Tag Archives: politics

On the Tasmanian Same-Sex Marriage Bill 2012

We interrupt your regularly-scheduled Python community discussion for something completely different.

The Same-Sex Marriage Bill 2012 passed the lower house of the Tasmanian Parliament today. As a passionate supporter of marriage equality, it would be wrong to not let this moment go unnoticed.

I read the bill in full this week (you can find the text of it from the Tasmanian Parliament web site), and was quite disappointed by it. Basically, the bill defines an institution called a “Same-Sex Marriage” under Tasmanian Law. “Same-Sex Marriages” are defined as follows:

“the lawful union of two people of the same sex, to the exclusion of all others, voluntarily entered into for life”

That is to say, it defines a union, available exclusively to same-sex couples. There are many provisions of the bill that I personally hold grave concerns about, and I feel that celebrating the passage of this law as a victory is counterproductive to those fighting for marriage equality at a Federal Level.

My friend, Michael Cordover, who’s more deeply versed in the law than I am, posted the following to his Facebook feed this evening, and I asked him to reproduce it on this blog so that it might reach a greater audience.

I don’t necessarily agree with everything he’s written (I’m not going to be drawn on the constitutionality of the bill), but his words have encapsulated most of my thoughts, but with the added gravitas of someone who actually knows what he’s talking about.


I am a deeply passionate supporter of marraige equality. I think there is no rationally based oposition to permitting same-sex marriage which is not homophobic. But I do not support what the lower house of Tasmanian Parliament has done today. Here’s why.

Because I support equality

The Tasmanian bill, by necessity, produces “same sex marriages” which are a different institution to that which we know as marriage in Australia. The entire basis of the argument as to its validity under the constitution (and we’ll get to that in a second) is that it covers something different to the Commonwealth Marriage Act. I want homosexual marriages to be recognised. These are civil unions with a misleading name. It is a separate and lesser institution. It’s not even the separate-but-equal, which I maintain is not equal at all.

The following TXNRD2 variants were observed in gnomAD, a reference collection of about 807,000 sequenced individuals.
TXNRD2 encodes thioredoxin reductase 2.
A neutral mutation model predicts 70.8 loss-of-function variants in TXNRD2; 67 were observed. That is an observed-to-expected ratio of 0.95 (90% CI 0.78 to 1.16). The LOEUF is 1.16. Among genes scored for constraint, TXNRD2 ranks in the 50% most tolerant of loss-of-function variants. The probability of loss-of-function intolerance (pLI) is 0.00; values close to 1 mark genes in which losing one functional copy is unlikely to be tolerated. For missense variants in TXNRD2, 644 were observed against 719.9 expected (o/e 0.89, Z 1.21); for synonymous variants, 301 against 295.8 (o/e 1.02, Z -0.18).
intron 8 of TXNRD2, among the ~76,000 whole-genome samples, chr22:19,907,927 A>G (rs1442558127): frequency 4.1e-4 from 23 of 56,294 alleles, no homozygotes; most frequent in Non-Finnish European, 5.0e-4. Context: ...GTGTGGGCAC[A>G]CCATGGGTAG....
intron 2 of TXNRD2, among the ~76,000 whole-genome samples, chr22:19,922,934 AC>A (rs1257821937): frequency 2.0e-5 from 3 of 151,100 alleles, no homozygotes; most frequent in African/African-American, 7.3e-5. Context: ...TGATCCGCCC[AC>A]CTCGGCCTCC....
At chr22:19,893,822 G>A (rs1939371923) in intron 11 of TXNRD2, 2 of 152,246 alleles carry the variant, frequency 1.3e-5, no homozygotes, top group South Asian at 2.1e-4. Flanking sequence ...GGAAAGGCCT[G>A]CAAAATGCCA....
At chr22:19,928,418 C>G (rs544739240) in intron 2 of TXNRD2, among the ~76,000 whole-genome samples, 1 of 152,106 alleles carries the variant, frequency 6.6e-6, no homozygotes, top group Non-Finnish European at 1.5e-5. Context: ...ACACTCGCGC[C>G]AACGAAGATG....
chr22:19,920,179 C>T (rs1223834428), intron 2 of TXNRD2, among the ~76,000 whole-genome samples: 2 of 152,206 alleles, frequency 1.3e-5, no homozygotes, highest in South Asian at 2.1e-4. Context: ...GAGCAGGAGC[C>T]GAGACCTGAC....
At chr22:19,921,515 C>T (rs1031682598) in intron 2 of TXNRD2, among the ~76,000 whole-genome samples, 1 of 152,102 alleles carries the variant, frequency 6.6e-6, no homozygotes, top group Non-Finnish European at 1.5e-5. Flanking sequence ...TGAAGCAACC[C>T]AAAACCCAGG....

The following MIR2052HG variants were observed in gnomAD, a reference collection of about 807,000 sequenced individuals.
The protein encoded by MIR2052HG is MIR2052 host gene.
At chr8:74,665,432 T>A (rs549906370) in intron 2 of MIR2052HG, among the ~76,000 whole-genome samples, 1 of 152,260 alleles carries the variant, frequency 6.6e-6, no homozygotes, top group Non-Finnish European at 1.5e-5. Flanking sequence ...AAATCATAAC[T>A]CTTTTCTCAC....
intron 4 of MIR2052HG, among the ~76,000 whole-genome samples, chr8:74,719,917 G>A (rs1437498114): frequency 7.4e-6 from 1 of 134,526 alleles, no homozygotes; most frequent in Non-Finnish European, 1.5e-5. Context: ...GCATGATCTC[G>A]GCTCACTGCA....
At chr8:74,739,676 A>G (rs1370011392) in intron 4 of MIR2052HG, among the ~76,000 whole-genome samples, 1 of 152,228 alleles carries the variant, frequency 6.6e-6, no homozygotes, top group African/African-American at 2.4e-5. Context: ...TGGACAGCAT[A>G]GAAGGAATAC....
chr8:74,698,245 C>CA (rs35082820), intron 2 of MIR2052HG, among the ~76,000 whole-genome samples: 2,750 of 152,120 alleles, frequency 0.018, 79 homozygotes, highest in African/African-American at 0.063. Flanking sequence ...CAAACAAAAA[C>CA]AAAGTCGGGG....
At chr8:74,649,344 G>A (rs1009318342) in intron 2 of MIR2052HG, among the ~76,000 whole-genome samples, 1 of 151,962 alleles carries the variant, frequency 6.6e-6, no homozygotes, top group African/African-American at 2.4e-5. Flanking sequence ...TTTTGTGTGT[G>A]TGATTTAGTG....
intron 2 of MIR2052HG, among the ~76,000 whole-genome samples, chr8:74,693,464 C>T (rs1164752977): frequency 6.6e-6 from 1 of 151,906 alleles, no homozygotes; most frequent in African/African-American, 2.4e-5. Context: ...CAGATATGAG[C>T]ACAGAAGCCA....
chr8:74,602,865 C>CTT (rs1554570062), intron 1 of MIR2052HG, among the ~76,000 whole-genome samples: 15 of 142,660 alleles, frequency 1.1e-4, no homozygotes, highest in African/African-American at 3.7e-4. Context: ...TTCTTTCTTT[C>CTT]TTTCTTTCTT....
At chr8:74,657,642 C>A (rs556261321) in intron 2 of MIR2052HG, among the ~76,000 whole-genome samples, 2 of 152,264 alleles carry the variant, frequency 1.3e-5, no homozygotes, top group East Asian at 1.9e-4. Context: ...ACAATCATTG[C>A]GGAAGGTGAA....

Because it’s unconstitutional

The argument goes that because the Commonwealth Marriage Act defines marriage to mean only that which is between a man anad a woman, it is not intended to exclude marriages between same sex couples. As marriage is a concurrent power under s 51 of the Constitution, that means states can legislate for same-sex marraige. This relies on a claim that the Marriage Act was not intended, at the time of the 2004 amendment, to “cover the field” which includes same-sex marriage. I have been wrong before about High Court decisions but I think any argument that this bill is not invalid by virtue of s 109 of the Constitution is academic at best. I don’t think a High Court decision to that effect would be good law, I don’t think it would be based on a proper examination of the issues, and I certainly don’t think its likely given both the way in which the Court has interpreted s 109 in the past and the way the current Court has been dealing with questions of the division of powers.

Because it promotes complacency

The message that is coming out is that this is the end. That Tasmania has finally done what the Commonwealth refuses to do so we’re first and we’ve done the right thing. We haven’t. If one person says – and I guarantee [one] will – that we don’t need a change to the Commonwealth Marriage Act because of the passage of a Tasmanian Act, that is a harm. Does anyone think instead that people will start lobbying for change to the Commonwealth law as a result? Perhaps. Perhaps it’ll be a “well it didn’t destroy the world” argument. I mean, just because we already have that argument for Argentina, Belgium, Canada, Denmark, Iceland, Netherlands, Norway, Portugal, South Africa, Spain, Sweden and the United States, doesn’t mean it won’t be strengthened by adding Tasmania.

Because it’s misleading